Cavity wall widths vary depending on a number of factors. The actual airspace in between a cavity wall system should be a minimum of 2 inches (50 mm). However, it is common to see airspaces of up to 4 1/2 inches (110 mm) to accommodate for the insulation thickness when it is installed within the cavity.
If two wythes of standard brick masonry are used, 3 5/8 inches (92 mm) in width with the minimum airspace requirement, the total width of a cavity wall can be as little as 9 1/4 inches (235 mm). However, this minimum width may not be suitable for load bearing walls and may not provide enough thermal insulation for a building envelope.
More commonly, an exterior wythe of standard masonry brick is used in conjunction with a concrete masonry unit (concrete block) weight-bearing system. These units range from 5 5/8 inches (143 mm) in width to 7 5/8 inches (194 mm) in width.
In such a system, the total wall thickness would range from 11 1/4 inches (286 mm) to 13 1/4 inches (337 mm). This assumes a 2 inch (50 mm) air space. If the space is increased to 4 1/2 inches (114 mm) to allow for 3 1/2 inches of insulation, that total cavity wall thickness increases to 15 3/4 inches (400 mm).
Weep Holes in Brick
Weep holes are positioned towards the bottom of cavity walls, just above the metal flashing. Typically spaced at a maximum of 2 feet (610 mm) on center, they provide a mechanism for water to escape the inside of a cavity wall.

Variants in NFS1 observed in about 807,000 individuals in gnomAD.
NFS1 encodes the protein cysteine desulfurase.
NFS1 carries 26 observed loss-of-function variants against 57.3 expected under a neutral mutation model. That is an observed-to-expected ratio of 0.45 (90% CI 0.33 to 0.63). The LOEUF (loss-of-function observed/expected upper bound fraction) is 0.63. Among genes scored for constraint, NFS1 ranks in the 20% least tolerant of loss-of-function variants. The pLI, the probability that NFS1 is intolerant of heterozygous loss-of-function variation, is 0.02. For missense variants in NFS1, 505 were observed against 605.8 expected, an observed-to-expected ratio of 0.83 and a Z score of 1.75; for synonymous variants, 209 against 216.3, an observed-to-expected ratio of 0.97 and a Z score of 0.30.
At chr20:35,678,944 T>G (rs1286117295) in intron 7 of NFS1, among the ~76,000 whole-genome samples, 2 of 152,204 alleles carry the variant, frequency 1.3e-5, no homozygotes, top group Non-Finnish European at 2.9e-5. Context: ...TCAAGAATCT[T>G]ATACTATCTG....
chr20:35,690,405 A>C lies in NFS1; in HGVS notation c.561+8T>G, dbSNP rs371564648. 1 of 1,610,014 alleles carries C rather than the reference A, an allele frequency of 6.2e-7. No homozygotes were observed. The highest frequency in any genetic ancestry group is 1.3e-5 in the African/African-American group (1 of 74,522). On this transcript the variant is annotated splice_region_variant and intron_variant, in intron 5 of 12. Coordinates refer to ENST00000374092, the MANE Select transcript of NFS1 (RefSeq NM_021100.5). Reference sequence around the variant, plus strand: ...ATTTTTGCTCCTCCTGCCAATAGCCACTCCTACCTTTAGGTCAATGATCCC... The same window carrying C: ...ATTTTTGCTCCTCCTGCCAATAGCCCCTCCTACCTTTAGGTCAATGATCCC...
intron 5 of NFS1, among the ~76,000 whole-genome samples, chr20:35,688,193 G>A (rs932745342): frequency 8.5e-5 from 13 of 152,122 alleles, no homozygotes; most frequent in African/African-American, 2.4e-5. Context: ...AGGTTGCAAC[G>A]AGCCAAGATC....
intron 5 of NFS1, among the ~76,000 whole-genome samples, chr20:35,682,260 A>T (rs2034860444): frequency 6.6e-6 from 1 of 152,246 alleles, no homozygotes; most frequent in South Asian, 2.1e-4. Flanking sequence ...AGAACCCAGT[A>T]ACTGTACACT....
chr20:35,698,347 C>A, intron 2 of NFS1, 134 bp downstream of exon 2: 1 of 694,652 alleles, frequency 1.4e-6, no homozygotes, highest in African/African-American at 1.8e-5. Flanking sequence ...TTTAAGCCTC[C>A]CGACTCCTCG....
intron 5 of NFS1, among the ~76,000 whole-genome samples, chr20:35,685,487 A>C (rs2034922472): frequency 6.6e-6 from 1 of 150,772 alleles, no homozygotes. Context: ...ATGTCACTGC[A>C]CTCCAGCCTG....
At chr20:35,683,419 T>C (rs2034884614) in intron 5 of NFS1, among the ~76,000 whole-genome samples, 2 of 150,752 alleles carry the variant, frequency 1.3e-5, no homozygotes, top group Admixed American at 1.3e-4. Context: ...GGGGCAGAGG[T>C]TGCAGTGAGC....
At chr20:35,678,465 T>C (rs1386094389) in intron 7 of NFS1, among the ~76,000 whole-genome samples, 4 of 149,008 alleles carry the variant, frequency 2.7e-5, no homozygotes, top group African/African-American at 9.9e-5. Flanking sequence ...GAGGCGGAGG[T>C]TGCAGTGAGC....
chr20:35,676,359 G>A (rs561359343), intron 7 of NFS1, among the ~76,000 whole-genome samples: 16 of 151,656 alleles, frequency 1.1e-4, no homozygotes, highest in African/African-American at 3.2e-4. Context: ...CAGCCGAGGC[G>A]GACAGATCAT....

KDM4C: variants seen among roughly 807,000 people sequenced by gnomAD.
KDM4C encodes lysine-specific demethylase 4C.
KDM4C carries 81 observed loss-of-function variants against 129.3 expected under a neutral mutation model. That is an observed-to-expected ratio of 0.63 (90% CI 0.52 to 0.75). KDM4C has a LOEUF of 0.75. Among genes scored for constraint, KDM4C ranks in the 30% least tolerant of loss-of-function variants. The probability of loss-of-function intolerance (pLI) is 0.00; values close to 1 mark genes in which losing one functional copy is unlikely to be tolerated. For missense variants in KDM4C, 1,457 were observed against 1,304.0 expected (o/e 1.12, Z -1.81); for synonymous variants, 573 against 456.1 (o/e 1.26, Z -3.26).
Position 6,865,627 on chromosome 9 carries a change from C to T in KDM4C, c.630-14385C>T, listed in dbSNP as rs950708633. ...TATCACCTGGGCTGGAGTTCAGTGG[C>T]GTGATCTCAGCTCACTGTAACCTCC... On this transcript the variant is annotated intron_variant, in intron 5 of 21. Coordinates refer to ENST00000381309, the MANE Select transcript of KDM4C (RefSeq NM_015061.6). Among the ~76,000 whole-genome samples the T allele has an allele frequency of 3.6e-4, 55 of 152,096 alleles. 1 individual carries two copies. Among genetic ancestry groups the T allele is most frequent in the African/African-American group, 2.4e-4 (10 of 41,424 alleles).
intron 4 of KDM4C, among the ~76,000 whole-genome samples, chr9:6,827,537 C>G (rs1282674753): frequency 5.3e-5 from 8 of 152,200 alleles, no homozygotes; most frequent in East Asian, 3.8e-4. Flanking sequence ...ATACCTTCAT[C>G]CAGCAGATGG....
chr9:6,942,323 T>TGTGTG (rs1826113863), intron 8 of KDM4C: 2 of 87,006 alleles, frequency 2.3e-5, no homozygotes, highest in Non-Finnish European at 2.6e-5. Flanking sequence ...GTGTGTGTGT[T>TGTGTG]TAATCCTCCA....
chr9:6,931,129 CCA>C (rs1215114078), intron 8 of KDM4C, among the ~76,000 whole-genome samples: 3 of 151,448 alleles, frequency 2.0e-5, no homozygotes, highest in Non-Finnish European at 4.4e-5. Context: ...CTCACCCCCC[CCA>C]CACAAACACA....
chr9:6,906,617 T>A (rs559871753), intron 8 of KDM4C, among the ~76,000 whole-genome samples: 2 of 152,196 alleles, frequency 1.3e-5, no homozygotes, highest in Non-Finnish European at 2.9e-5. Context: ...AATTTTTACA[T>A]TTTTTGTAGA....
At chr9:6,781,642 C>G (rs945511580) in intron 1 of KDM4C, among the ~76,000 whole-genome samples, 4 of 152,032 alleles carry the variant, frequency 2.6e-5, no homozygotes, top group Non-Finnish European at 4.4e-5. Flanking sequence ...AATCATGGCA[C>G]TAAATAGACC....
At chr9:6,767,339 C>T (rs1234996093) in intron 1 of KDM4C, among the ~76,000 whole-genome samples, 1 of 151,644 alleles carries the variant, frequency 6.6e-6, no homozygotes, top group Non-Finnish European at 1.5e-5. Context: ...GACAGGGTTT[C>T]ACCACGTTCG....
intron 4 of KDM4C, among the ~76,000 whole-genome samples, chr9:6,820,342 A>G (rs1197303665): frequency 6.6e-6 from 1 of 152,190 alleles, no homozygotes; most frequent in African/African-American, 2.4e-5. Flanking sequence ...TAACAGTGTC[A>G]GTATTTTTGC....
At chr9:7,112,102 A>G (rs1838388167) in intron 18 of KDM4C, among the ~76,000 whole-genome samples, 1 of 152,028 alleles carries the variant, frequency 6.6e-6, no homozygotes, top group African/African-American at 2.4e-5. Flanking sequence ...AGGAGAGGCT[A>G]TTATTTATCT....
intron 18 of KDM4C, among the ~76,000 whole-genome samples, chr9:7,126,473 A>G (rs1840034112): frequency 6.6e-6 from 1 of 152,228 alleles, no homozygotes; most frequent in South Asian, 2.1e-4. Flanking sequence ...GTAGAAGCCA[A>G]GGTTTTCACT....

Other common locations for weep holes are at window or door openings and at slabs. Essentially, weep holes can be installed at most locations where metal flashing is used.
Usually constructed of plastic or metal tubing, weep holes are slightly angled to allow for water seepage. Weep holes need to be installed at an appropriate angle. If the angle is too steep, moisture will not be able to enter into the tubing. If too flat, moisture will not make its way out of the weep hole.
Cavity Wall Insulation
Insulation can be placed either within the airspace of a cavity wall, attached to the second (internal) wythe. Usually rigid foam is used, however other types of insulation such as granular fill are sometimes used.
If rigid insulation is used, a gap of 1 inch (25 mm) should be allowed between the insulation and the exterior masonry wythe. This creates a thermal break between the exterior wythe and the insulation and better protects it from moisture.
Insulation can be infilled within the internal concrete masonry units. It can also be placed on an interior furred stud wall as batt insulation. In cases where insulation is placed on an interior wall, the minimum 2 inch (50 mm) airspace should still be maintained in the cavity.
Masonry Ties and Anchors
Because cavity walls are comprised of two separate wythes of masonry, they need to be bridged structurally as a unit. Masonry ties are used to anchor the two separate wythes of masonry at the wall cavity.
Used in conjunction with other reinforcing systems, masonry ties provide lateral support for the cavity wall. They also allow for the separation of two wythe masonry units with minimal thermal bridging.
Masonry ties are usually made of non-corrosive metals. They are adjustable to compensate for the width of the cavity. Maximum spacing is 24 inches (60 mm) vertically and 36 inches (90 mm) horizontally.
Cavity walls do not require additional venting beyond what weep holes provide. Unlike rain screen systems which are intentionally designed to allow air and water penetration, cavity wall systems are weathertight.
In order to maintain the integrity of the cavity wall system, it’s important for the exterior wall surface to be as watertight as possible. This can be achieved with the use of mortar and silicone sealants at joints.
Since movement, deterioration, and potential moisture infiltration are inevitable, cavity walls make use of metal flashing and weep holes to drain out water. Weep holes have the added benefit of allowing wind to provide some degree of airflow in the cavity. This eliminates the need for additional ventilation.